Abstract General Information


NMOSD leads to unemployment in high educational level people with NMOSD (pwNMOSD): results of an online survey with 146 NMOSD patients.


Introduction: This is the first brazilias study of employment impacts of NMOSD diagnosis in pwNMOSD. The results are alarming reagarding low level of employment in pwNMOSD, even in high-educational level population . There is a high level of unemployment and there seems to be a relation with the diagnosis and disability.

Objectives: describe results of an online survey applied to 146 self-reported people with NMOSD.
Methods: an online survey was sent to NMOSD patients included in digital platform base of a Brazilian patient association, to investigate their employment status and relations with other factors such as educational level, time of diagnosis, time from first symptom to diagnosis, mobility (assessed by SRDSS) and visual capacity
Results: 57% were unemployed. Of the employed, only 13% were on a. specific role for disabled individuals. 146 self-reported pwNMOSD answered the survey. 39% were under temporary social security benefits or retired due to disability. Median age was 39yo. 10 women:1 man ratio. Median time since diagnosis was 6,0 years(0-15), and 79% of patients had high mobility status SRDSS correspondent to EDSS< 7, 79% had self reported visual acuity with or without assistive technology and independent for daily life activities. Country-wide distribution was similar to the general population. 53% had a College degree or higher.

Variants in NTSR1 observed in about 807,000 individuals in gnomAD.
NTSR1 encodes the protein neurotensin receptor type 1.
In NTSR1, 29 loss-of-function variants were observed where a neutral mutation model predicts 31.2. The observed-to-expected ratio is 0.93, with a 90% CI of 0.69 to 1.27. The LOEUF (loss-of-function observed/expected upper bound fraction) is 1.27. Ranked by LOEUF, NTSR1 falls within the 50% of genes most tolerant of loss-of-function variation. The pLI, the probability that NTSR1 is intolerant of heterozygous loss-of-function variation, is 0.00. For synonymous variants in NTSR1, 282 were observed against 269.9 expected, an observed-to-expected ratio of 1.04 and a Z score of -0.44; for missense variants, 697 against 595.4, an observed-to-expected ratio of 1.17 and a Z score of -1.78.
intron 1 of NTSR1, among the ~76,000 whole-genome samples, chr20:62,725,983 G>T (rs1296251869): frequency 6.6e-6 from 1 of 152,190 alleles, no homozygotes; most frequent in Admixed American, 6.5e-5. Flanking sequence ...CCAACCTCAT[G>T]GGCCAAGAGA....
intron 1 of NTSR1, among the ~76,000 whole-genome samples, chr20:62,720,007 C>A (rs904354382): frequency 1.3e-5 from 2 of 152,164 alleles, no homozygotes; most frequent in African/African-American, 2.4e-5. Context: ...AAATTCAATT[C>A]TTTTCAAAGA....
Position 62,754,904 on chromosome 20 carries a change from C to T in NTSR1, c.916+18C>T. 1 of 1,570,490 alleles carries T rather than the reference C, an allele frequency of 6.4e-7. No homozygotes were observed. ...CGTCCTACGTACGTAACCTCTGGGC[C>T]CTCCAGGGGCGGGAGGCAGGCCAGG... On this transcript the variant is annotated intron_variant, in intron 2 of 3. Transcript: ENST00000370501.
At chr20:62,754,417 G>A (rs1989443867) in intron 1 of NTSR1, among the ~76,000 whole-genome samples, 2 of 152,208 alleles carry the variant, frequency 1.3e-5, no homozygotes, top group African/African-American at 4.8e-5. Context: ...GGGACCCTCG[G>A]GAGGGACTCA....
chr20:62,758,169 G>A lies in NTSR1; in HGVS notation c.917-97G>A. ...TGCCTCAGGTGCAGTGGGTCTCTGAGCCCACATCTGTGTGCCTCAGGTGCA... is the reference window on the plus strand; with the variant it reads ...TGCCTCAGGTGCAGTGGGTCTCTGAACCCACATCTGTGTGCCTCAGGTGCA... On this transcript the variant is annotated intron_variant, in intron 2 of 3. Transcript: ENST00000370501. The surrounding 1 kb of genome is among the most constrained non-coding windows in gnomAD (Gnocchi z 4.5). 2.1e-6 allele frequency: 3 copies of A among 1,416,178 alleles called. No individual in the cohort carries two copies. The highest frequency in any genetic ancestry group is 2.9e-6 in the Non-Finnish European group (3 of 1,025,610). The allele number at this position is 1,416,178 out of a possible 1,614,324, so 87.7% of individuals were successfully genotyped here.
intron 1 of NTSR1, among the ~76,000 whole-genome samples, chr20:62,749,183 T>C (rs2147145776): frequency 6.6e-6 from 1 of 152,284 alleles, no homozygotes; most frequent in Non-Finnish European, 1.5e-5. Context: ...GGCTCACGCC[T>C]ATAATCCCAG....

The unemployed population seems to have worse mobility (60% SRDSS equivalent to EDSS>4-6,5 versus 81% ≤3,5), lower educational level, and slightly worse visual acuity. There was no significant difference on DMDs, disease time, time-to-diagnosis, country region or AQP4 or MOG antibodies status..
Conclusion: this is the first study of employment status and NMOSD impact in Brazilian pwNMOSD. Considering the age and low level of neurologic disability, NMOSD diagnosis has a high impact in employment status, which leads to the fact that there is a lack of any specific labor legislation for pwNMOS, or even leveraged employment programs for disabled people. .




Raquel Vassão Araujo, Bruna Rocha Silveira, Gustavo Elexpe San Martin, Giulia Gamba